Literature review tells us what to ask the public about their views of genomics
What do the public think about the future of genomic medicine in the NHS? How far do they understand what is possible, and what are their expectations, aspirations and concerns for this revolutionary new medical science in future?
Ipsos MORI, Genomics England and Sciencewise today publish a literature review which summarises gaps in our knowledge about public attitudes to genomics, and recommends areas for future research. The review will inform the design of a large-scale public dialogue.
Large-scale genomics public dialogue this autumn
Genomics England, with support from Sciencewise, has commissioned Ipsos MORI to carry out a public dialogue starting this October, exploring how the public feel that the NHS should best take forward genomic medicine into its national programme of clinical care. Workshops will take place across England and around 90 members of the public will explore the technical and ethical aspects of genomics, in depth over several days, and in discussion with experts, patients and other stakeholders.
The project will uncover public views of the social contract around the provision of genomic medicine; what the public feel that they should expect from genomics providers, and what they feel should be expected of public and patients in return.
The dialogue is designed to build on existing research in this field, and fill gaps in public attitudes work which has already taken place. As such, Ipsos MORI conducted a brief and rapid literature review showing what is already known by the public, and also the views of experts, clinicians, and patients on some of the ‘live issues’ in genomics.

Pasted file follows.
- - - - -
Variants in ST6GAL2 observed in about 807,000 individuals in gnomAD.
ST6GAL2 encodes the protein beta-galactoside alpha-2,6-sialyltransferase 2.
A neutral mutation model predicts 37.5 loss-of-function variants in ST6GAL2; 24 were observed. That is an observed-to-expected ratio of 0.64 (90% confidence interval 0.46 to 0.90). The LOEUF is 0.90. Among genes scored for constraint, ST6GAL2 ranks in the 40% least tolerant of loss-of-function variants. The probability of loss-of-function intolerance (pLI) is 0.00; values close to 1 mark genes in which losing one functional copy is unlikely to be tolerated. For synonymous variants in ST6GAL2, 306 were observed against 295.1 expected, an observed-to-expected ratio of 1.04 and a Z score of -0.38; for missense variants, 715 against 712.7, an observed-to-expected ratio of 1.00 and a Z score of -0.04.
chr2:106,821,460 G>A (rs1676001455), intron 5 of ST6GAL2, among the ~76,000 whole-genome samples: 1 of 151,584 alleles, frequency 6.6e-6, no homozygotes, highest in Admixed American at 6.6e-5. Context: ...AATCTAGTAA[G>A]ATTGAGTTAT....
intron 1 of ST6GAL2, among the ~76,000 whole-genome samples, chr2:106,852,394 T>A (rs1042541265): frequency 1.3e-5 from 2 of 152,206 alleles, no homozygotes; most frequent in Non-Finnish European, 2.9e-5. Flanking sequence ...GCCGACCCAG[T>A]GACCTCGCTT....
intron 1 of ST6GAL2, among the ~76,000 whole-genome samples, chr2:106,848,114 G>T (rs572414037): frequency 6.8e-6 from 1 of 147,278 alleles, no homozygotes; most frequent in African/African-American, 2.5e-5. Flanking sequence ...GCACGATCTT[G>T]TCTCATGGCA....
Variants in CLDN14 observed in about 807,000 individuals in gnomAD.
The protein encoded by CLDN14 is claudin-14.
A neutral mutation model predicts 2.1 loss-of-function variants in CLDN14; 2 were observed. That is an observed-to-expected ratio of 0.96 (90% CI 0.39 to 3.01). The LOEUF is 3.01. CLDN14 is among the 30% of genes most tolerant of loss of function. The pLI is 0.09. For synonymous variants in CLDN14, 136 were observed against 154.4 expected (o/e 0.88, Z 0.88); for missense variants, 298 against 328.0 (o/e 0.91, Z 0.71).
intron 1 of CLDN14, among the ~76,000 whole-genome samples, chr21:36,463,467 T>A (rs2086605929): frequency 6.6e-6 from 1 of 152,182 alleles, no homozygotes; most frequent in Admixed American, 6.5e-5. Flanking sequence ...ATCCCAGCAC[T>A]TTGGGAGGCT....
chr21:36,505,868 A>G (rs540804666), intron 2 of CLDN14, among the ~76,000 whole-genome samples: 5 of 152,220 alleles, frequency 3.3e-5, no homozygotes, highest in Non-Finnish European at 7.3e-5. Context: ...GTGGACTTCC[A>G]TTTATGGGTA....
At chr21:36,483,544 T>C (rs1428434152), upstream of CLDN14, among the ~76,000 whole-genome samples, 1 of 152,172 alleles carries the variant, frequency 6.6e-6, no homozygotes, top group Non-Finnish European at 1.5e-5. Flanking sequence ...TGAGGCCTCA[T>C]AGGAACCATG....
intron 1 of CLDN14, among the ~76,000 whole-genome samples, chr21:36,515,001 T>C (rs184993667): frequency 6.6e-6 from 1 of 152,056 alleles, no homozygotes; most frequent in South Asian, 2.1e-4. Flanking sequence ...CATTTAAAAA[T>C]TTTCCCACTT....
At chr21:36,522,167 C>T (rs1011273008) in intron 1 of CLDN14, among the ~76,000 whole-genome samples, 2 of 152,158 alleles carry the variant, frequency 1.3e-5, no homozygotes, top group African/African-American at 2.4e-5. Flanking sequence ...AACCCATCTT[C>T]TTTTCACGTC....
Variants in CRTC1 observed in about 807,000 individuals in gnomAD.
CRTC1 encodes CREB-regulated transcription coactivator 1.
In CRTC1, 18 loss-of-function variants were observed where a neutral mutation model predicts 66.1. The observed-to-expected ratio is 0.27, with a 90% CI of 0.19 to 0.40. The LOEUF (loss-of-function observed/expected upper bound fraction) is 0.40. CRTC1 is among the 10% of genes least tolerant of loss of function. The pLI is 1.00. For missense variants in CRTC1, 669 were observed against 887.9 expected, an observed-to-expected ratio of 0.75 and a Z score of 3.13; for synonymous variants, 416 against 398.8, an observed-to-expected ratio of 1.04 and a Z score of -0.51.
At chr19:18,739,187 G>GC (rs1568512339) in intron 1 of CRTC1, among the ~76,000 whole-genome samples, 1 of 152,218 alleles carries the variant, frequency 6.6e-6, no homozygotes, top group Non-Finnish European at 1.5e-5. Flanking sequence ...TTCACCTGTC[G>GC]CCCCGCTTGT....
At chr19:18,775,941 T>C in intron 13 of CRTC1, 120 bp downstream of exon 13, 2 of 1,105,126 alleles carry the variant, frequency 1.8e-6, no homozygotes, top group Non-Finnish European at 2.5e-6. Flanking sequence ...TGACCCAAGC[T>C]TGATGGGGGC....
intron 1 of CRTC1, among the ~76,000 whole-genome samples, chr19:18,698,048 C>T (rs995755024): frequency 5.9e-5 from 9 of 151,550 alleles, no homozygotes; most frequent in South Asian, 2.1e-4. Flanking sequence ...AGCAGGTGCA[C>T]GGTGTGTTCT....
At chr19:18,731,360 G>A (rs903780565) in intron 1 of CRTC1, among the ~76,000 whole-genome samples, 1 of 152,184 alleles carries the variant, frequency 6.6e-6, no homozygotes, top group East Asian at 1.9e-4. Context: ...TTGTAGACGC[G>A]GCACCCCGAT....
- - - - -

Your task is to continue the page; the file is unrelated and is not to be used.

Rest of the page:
Seven areas of interest
Though it is not an exhaustive review, this short report identifies seven areas where more research is needed and the implications for the dialogue. These are summarised below.
1. Awareness of genomics is low: we need to help participants understand key ideas like: what are genes? What is data science? How does the NHS work at the moment?
2. Younger people and ethnic minorities sometimes have different views about genomics and we should listen to their voices in particular.
3. Genomics is associated with both benefits and risks. There are some uncertainties which make the benefits and risks hard to weigh up, such as the scope of impact of genomics long term; future findings from genomics which are unknown today; how quickly the science will develop; and how genomics will be used outside medicine by governments, insurers and others.
4. Important areas for public debate include how the findings of genomics should be conveyed to patients and, crucially, their families; and what do people consent to, and the role of advice and counselling in this.
5. Future research should ask the public their views on insurance uses of genomic information, the role of public and private partnerships, and the role of international data sharing.
6. Public, patients and clinicians are all concerned about the current and future capabilities of the NHS. The dialogue will need to explore how the NHS can develop the skills and capacity required for a genomic medicine service – and what public expectations are.
7. While we know a lot already about how to communicate key medical, data and genetic concepts, the dialogue should cover the best ways to explain how genomics will be ‘rolled out’ into the NHS more widely.
What do you think we should ask the public about genomics?
We are currently developing our materials for our dialogue, so, whether you are involved in genetics, have an interest in it or have been affected by some of the issues, we’d be delighted to hear your thoughts on our report and what we should cover in our dialogue.
More information on our genomics dialogue
For more information on the dialogue or to tell us what you think about our report, please get in touch with Simon Wilde, Communications, Genomics England, [email protected] / 07793 142 501 or Graham Bukowski, Ipsos MORI Public Dialogue Centre, [email protected] / 0203 059 4678.